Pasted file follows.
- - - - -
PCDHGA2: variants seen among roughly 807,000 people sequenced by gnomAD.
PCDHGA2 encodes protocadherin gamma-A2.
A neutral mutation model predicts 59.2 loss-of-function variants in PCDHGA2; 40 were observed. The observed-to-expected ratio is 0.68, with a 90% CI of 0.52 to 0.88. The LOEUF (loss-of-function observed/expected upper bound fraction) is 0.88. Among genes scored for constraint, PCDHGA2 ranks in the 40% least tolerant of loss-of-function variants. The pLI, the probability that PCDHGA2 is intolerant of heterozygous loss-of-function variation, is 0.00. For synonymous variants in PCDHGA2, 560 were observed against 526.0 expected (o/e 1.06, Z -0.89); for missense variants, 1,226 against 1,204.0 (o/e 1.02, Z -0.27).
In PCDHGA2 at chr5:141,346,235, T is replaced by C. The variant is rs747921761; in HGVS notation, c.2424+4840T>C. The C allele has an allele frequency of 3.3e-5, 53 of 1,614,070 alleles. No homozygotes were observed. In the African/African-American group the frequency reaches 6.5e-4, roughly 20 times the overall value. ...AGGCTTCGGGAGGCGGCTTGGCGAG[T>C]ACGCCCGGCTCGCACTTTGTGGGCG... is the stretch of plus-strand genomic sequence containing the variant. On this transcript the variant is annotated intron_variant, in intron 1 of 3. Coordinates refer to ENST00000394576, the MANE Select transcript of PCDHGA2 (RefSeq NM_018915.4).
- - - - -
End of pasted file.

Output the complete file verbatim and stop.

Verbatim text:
PCDHGA2: variants seen among roughly 807,000 people sequenced by gnomAD.
PCDHGA2 encodes protocadherin gamma-A2.
A neutral mutation model predicts 59.2 loss-of-function variants in PCDHGA2; 40 were observed. The observed-to-expected ratio is 0.68, with a 90% CI of 0.52 to 0.88. The LOEUF (loss-of-function observed/expected upper bound fraction) is 0.88. Among genes scored for constraint, PCDHGA2 ranks in the 40% least tolerant of loss-of-function variants. The pLI, the probability that PCDHGA2 is intolerant of heterozygous loss-of-function variation, is 0.00. For synonymous variants in PCDHGA2, 560 were observed against 526.0 expected (o/e 1.06, Z -0.89); for missense variants, 1,226 against 1,204.0 (o/e 1.02, Z -0.27).
In PCDHGA2 at chr5:141,346,235, T is replaced by C. The variant is rs747921761; in HGVS notation, c.2424+4840T>C. The C allele has an allele frequency of 3.3e-5, 53 of 1,614,070 alleles. No homozygotes were observed. In the African/African-American group the frequency reaches 6.5e-4, roughly 20 times the overall value. ...AGGCTTCGGGAGGCGGCTTGGCGAG[T>C]ACGCCCGGCTCGCACTTTGTGGGCG... is the stretch of plus-strand genomic sequence containing the variant. On this transcript the variant is annotated intron_variant, in intron 1 of 3. Coordinates refer to ENST00000394576, the MANE Select transcript of PCDHGA2 (RefSeq NM_018915.4).